Wednesday, 1 October 2014

The power of the self-damned to hurt God - the greatest temptation of evil?

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There is a strong tradition in mainstream Christian theology, deriving ultimately from Platonic philosophy, that because of the perfection of God and the absolute happiness of the blessed in Heaven - therefore God and the blessed look upon the existence of Hell and the sufferings of the damned as 'a good thing' - and their joy is not in the slightest degree impaired by the continued existence of unrepentant evil, pain and misery.

I regard this idea as pernicious nonsense - and a gross under-estimation of the temptations of evil - despite that the view is articulated by some of my very favourite, most loved and most revered theological mentors such as CS Lewis and Thomas Traherne.

It is truly monstrous to suppose that Heavenly perfection is unimpaired by the existence of evil, and that indeed Heaven-dwellers contemplate the misery of those who reject God with satisfaction - and the fault lies in giving priority to an abstract, absolutist, 'mathematical' concept of perfection derived from Platonic philosophy and cramming Christianity into this philosophical strait-jacket.

Philosophy really has no place to be thus usurping revealed Christian theology, and philosophy should firmly be shown the door when it leads to such an horrific reductio ad absurdum.

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Another factor leading to this absurd conclusion is that classical theologians want the Satan and the damned to have no power over God - their view of God is so absolute and infinite that it is inconceivable to them that any individual created being could have the power to disturb divine equanimity - and from this they infer that, in effect, God doesn't care about the damned (because if He was to care, then that would impair His perfection).

However, this is precisely to miss the temptation of evil - in which the deepest motivation is precisely to harm God, to cause God pain and sorrow.

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This is a common attitude here on earth: people inflict suffering upon themselves in order to harm other people.

At the most extreme, some suicides are motivated primarily by this form of hatred - a man kills himself in order to try and ruin the life of his girlfriend - "That will show her how much she has hurt me!".

And in general, many a person will 'cut off his nose to spite his face' - or take a 'dog in the manger' attitude.

That is, the dog lies in the manger where he is uncomfortable and cannot eat the hay - but does it because it stops the cows from eating. The dog makes himself miserable from pleasure at contemplating the irritation of the cows.

(Getting pleasure at the anger, distress and hurt of other people is called 'winding people up' in Britain, and is a favourite pastime of teenagers and comedians - and generally approved-of in the mass media, especially when the victims are regarded as undeserving of sympathy).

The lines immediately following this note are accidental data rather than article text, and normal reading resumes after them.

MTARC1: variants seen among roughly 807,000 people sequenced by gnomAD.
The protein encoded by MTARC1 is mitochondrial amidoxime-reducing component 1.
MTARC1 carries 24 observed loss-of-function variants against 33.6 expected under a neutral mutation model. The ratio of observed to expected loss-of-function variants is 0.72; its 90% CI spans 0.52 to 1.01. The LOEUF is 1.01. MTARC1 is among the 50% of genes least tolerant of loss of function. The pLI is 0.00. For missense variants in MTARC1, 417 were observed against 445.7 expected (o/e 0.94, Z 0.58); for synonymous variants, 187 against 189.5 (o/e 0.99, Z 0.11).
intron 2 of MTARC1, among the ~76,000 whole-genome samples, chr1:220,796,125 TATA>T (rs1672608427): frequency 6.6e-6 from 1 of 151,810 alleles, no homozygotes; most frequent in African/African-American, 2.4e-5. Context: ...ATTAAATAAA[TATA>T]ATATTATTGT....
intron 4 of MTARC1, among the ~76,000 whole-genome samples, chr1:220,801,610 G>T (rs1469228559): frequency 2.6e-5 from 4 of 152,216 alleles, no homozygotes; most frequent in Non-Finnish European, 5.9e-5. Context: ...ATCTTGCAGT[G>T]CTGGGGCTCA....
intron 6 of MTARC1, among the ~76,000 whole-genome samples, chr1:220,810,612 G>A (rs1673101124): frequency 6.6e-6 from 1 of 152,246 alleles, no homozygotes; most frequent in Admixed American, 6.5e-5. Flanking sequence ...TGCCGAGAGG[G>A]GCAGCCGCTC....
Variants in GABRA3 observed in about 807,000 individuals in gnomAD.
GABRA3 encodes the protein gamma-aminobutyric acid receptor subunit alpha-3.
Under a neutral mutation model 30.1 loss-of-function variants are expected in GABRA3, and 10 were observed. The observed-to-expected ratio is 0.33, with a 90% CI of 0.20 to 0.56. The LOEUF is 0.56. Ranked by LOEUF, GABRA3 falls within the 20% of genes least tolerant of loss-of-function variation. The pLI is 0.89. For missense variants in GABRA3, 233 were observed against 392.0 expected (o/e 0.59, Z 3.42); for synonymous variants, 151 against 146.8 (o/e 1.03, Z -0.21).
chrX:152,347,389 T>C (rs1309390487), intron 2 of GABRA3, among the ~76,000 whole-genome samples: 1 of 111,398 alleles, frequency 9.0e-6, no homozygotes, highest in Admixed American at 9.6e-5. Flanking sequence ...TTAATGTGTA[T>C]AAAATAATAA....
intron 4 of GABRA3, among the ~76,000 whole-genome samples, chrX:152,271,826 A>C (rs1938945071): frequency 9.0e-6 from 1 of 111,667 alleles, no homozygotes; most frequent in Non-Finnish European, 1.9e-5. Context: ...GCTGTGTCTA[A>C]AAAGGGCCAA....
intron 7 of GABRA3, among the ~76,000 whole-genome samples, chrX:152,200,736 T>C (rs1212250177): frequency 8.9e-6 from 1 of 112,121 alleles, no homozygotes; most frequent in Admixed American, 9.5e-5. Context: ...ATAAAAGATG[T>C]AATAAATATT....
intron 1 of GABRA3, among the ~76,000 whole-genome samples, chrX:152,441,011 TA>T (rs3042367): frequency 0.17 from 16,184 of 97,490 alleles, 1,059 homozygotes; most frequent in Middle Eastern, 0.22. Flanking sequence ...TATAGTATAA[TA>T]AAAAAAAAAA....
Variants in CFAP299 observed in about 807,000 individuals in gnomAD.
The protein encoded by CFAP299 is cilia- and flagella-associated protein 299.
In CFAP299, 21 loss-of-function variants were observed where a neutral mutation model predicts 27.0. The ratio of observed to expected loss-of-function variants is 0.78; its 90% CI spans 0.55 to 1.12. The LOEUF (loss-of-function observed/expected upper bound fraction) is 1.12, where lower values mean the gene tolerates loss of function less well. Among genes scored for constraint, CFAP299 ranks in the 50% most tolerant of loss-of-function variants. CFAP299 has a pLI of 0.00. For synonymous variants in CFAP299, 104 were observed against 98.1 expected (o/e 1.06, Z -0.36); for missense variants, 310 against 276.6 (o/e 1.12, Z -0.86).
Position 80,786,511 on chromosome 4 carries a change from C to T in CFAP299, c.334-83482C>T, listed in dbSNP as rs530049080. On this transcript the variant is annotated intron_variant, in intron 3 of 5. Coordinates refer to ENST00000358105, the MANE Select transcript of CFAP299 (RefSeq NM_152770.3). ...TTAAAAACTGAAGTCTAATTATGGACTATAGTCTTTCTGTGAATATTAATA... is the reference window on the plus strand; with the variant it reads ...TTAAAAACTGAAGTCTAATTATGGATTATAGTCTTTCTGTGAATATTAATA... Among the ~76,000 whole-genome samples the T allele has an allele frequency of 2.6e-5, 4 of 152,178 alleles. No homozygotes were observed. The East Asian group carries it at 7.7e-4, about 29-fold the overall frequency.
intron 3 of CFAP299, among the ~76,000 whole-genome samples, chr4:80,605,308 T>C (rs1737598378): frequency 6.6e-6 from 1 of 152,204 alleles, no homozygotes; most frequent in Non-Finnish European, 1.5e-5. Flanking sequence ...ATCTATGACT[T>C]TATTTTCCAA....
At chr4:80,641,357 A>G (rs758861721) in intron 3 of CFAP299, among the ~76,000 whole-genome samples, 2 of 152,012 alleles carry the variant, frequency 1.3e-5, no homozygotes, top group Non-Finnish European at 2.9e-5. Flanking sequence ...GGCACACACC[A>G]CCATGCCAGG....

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I suspect, indeed, that although this seems like a petty and rather trivial kind of motivation and behaviour, that it may be one of the very gravest of all sins.

Be that as it may - it must be acknowledged that it works. The dog in the manger really is annoying to the cows; and the hatred-motivated suicide really often does cause misery to survivors, perhaps lifelong misery.

And when Satan (brightest of angels) rejected God's gift of happiness and descended into a pit of pride, hatred and eternal suffering - he really did cause God sorrow - and perhaps that sorrow is eternal.

To acknowledge the reality of God's sorrow is the only way we can comprehend God as infinitely loving; and this is much more important for us (as Christians) to understand than the scope of God's power.

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And this power to hurt God is given to even the humbles, weakest and apparently most insignificant of Men - this power which is intoxicating to Pride: the power to use our own, self-inflicted suffering to 'get back' at God, to wound Him, to 'show Him what He has done to me...'.

It is the power of the hate-filled suicide, and it is a real power, and a very real temptation: the temptation to destroy oneself for the pleasure (and it is a real pleasure) of defying and hurting the creator of the universe, our Heavenly Father.

Even such puny creatures as ourselves can do this thing - it is within our ability - and it will give an everlasting satisfaction which (for some people) more than compensates for everlasting misery.

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(This attitude is perfectly explicit in such anti-heroes as Milton's Satan, Mozart/ Da Ponte's Don Giovanni, or the later philosophy of Nietzsche: an exultation in pride accompanied by an open-eyed embracing of the consequent misery: the assertion that it is 'worth it' to live miserably in despite of, in defiance of, God: the arrogance of one who will 'pay the price' to 'be himself' and not what God wants him to be.) 

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Damnation really is a choice, and there really is something to be said for it in terms of this dread-full, pride-full defiance. This is what must be renounced in order to be saved - and it should not be too surprising (even though a matter of endless sorrow) that some Men and Angels do choose evil, with all that entails.

It seems like a terrible bargain in every way - and it is - but sometimes, for some people, pride is stronger that anything else - even at the cost of permanent misery.

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